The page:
This is one of the twokey problems of cloud parameterization. Large-scale motions, surface fluxes,moist convention, and radiative cooling can all influence the distribution ofcloudiness over the globe. Observational studies designed to address this ques-tion include FIRE (Cox et al., 1987).
 
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What are the direct effects of the clouds on the atmosphere?
This is thesecond key problem of cloud parameterization. Clouds assert their influencethrough three distinct but interrelated and more or less equally important"cloud forcing" mechanisms, none of which are adequately included in anyexisting climate models:(a) Clouds modulate the solar and terrestrial radiation fields. Ramanathan(1987a,b) has termed these effects the "cloud radiative forcing" (CRF). TheCRF can be defined as the difference between the radiative flux (at the top ofthe atmosphere, say) which actually occurs in the presence of clouds, and thatwhich would occur if the clouds were removed but the atmospheric state wereotherwise unchanged. The term CRF can also be used to denote warming orcooling tendencies due to cloud-radiation interactions. Measurements of theCRF at the top of the atmosphere are being provided through the Earth Ra-diation Budget Experiment (ERBE; Ramanathan et al., 1989), as well as sev-eral other satellite-based observational studies. Parameterizations of the CRFrequire information about the amount and type of cloud particles in a GCMgrid volume, as well as the distribution of the particles inside the volume. Theformer problem is usually discussed in terms of the "cloud water content", andthe latter in terms of the "fractional cloudiness". As pointed out by Harshvar-dhan and Randall (1985), both the cloud water content and the fractionalcloudiness must be known in order to determine the CRF. A parameterizationof radiative transfer in a partly cloudy grid volume should take into accountfinite cloud effects, which result from photons that enter or escape through thesides of clouds.(b) Clouds are associated with latent heat release and precipitation. Thiscan be termed the cloud latent forcing (CLF). It has been addressed througha number of major observational studies, notably including GATE (Houze andBetts, 1981 ). Climate models typically divide the CLF into two somewhat ar-bitrarily distinguished components, namely cumulus effects and large-scalesaturation effects. Considerable effort has been expended on the developmentof CLF parameterizations.(c) Clouds are associated with strong small-scale convective circulationsthat carry out important vertical transfers of energy, moisture, momentum,and various chemical species. These motions are closely associated with therelease of latent heat, but they are logically distinct from it. This third type ofcloud forcing can be called the cloud convective forcing (CCF).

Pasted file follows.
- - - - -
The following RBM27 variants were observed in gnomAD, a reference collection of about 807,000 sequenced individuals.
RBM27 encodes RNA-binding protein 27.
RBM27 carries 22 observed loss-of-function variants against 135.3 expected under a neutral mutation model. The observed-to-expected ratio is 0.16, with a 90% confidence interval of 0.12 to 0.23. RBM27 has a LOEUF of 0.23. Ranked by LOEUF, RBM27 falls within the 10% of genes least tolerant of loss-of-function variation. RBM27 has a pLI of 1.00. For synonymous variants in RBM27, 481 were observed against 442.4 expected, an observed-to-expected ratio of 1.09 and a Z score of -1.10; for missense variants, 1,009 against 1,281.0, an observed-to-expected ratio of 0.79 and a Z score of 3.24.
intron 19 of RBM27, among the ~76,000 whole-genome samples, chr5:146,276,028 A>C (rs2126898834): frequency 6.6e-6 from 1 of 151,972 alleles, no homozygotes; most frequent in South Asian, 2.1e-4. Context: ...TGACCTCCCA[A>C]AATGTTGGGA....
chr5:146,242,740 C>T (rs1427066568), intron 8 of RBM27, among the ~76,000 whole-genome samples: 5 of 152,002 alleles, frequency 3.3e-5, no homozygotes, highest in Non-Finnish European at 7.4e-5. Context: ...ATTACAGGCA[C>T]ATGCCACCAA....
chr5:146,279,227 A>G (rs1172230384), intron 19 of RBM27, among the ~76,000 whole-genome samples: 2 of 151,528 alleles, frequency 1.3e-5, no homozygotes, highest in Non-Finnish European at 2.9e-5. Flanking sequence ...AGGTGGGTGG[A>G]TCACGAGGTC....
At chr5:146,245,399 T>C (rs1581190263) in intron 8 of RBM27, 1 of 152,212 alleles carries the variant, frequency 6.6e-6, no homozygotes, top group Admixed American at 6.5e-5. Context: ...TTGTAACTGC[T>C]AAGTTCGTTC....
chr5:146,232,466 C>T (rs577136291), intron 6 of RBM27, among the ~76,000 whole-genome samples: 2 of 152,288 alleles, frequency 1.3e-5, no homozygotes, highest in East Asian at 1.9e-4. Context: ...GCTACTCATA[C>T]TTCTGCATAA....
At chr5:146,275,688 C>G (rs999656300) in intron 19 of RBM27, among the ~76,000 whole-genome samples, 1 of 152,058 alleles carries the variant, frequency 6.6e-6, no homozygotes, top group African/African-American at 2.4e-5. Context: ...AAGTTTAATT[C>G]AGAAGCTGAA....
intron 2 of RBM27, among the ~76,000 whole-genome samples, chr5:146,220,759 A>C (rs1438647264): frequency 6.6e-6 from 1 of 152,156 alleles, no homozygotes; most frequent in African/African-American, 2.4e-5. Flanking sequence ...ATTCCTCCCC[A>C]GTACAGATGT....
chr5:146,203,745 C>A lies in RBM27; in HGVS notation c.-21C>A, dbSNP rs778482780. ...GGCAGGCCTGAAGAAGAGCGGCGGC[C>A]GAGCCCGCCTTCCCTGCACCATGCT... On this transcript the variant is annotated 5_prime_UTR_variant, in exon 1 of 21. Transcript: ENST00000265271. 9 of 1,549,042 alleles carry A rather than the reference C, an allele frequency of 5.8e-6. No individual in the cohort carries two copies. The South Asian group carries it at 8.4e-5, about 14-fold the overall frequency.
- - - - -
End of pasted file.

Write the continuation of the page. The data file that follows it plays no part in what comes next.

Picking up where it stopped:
(4) What role does the cloud forcing play in regulating or maintaining thepresent climate?
The climate system's response to cloud forcing is realized inpart through highly nonlinear interactions among radiation, convection, andthe large-scale atmospheric circulation. GCMs are ideal tools for investigatingthese interactions, through controlled numerical experiments.(5)
How do the clouds feed back to influence climate change?
This problem